Rod Lockhart, CEO of LendInvest, commented: “The Bank of England is caught between a rock and a hard place – rates need to rise to control inflation, but the steadily rising cost of living casts a dark shadow. On a more positive note, we don’t We do not expect to see a correction in house prices as supply and demand imbalances only add to the upside risks We also expect mortgage rates to remain competitive as lenders continue to protect or attract market share.”
Miranda Khadr, Founder and CEO of Pitch 4 Finance, said: “I think it is irresponsible for the Monetary Policy Committee to raise the base rate this month, despite rising inflation.
“The cost of basic daily needs such as food, gas and electricity has risen and more and more people are struggling to get by. There are too many things happening at the same time for rates to rise now. If you add tax hikes that are due soon and higher interest rates, people’s finances will suffer even more.
“Not everyone is protected by a fixed rate, especially those with commercial mortgages. that the addition of higher mortgage payments will hit them hard.This will cause house prices to rise and push more first-time buyers and upsizers out of the market.
“Rising debt is also a concern, with Bank of England data released this week showing that annual credit card debt increased by 2% in December. Other forms of consumer credit such as credit auto and personal increased by 1.1% The increase in interest rates will only add to this.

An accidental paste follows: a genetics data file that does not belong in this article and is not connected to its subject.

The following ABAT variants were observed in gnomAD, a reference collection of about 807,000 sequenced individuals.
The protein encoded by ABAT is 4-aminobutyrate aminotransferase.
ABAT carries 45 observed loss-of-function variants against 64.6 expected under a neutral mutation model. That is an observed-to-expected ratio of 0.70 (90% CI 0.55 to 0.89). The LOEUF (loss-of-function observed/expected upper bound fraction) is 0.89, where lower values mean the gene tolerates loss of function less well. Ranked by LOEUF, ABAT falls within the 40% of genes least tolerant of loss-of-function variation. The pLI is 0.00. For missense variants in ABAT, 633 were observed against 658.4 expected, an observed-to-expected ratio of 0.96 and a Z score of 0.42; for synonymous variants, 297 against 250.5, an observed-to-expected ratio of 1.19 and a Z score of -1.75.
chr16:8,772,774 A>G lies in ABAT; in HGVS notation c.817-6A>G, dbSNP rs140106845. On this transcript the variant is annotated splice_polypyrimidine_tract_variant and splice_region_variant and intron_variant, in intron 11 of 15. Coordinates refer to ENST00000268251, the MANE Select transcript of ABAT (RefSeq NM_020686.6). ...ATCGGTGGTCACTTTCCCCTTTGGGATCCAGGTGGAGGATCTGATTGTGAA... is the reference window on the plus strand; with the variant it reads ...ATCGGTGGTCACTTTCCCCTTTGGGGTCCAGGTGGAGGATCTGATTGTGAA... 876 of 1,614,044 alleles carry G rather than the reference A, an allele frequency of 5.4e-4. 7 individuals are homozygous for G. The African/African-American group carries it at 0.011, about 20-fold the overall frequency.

Paul McGerrigan, CEO of Loan.co.uk, added: “In my opinion, a rise now, so close to that of December, is absolutely not the right time.
“Yes, inflation has risen sharply and is at its highest level in 30 years, but driven by largely uncontrollable factors – an economy recovering from the Covid pandemic leading to a surge in demand and a crisis in energy supply.
“The bank must accept that there is no silver bullet to controlling inflation at times like these – rising interest rates will now hit consumers, especially low-income ones, at worst possible time – with an increase in the energy cap of 54% and an increase of £12 billion. – an annual package of tax increases to come in April.
“It’s a mistake, and consumers will have to pay at a time when they can’t afford it.”
Lucian Cook, Head of Residential Research at Savills, said: “It will put some pressure on household finances and affordability. However, some of the underlying economics of the housing market remain unresolved: it is currently less about affordability and more about supply and demand, and the extreme shortage of inventory and high levels of demand will likely support a further growth in house prices, especially given the high levels of equity in the market.
“Today’s rise will be a signal to homebuyers that rates will inevitably rise and this may now happen sooner than expected. Whether or not the Bank of England will ease mortgage regulations is now a more pressing question for highly leveraged buyers.
“The mortgage market remains highly competitive and lender margins have tightened during the pandemic. Thus, we could see today’s rate hike fully passed on to borrowers.
“We are maintaining our forecast of 3.5% average house price growth in the UK this year, probably weighted towards the first half of the year.”